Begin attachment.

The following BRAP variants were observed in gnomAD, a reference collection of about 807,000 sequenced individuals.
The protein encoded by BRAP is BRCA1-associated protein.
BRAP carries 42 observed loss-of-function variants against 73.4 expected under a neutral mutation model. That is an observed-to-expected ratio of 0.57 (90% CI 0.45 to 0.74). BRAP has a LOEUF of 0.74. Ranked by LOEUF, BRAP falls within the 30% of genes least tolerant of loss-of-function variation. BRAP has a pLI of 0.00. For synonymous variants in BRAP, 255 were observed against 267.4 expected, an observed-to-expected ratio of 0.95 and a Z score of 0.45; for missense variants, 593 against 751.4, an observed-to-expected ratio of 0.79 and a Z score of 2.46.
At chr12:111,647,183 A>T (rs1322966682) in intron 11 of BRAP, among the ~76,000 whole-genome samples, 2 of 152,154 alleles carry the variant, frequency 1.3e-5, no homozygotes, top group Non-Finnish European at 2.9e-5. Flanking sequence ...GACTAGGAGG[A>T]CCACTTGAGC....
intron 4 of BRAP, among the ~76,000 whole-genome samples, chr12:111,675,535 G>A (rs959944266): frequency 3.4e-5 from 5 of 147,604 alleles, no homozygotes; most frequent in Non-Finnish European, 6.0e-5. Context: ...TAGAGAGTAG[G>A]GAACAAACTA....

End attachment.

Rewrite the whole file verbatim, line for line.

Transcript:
The following BRAP variants were observed in gnomAD, a reference collection of about 807,000 sequenced individuals.
The protein encoded by BRAP is BRCA1-associated protein.
BRAP carries 42 observed loss-of-function variants against 73.4 expected under a neutral mutation model. That is an observed-to-expected ratio of 0.57 (90% CI 0.45 to 0.74). BRAP has a LOEUF of 0.74. Ranked by LOEUF, BRAP falls within the 30% of genes least tolerant of loss-of-function variation. BRAP has a pLI of 0.00. For synonymous variants in BRAP, 255 were observed against 267.4 expected, an observed-to-expected ratio of 0.95 and a Z score of 0.45; for missense variants, 593 against 751.4, an observed-to-expected ratio of 0.79 and a Z score of 2.46.
At chr12:111,647,183 A>T (rs1322966682) in intron 11 of BRAP, among the ~76,000 whole-genome samples, 2 of 152,154 alleles carry the variant, frequency 1.3e-5, no homozygotes, top group Non-Finnish European at 2.9e-5. Flanking sequence ...GACTAGGAGG[A>T]CCACTTGAGC....
intron 4 of BRAP, among the ~76,000 whole-genome samples, chr12:111,675,535 G>A (rs959944266): frequency 3.4e-5 from 5 of 147,604 alleles, no homozygotes; most frequent in Non-Finnish European, 6.0e-5. Context: ...TAGAGAGTAG[G>A]GAACAAACTA....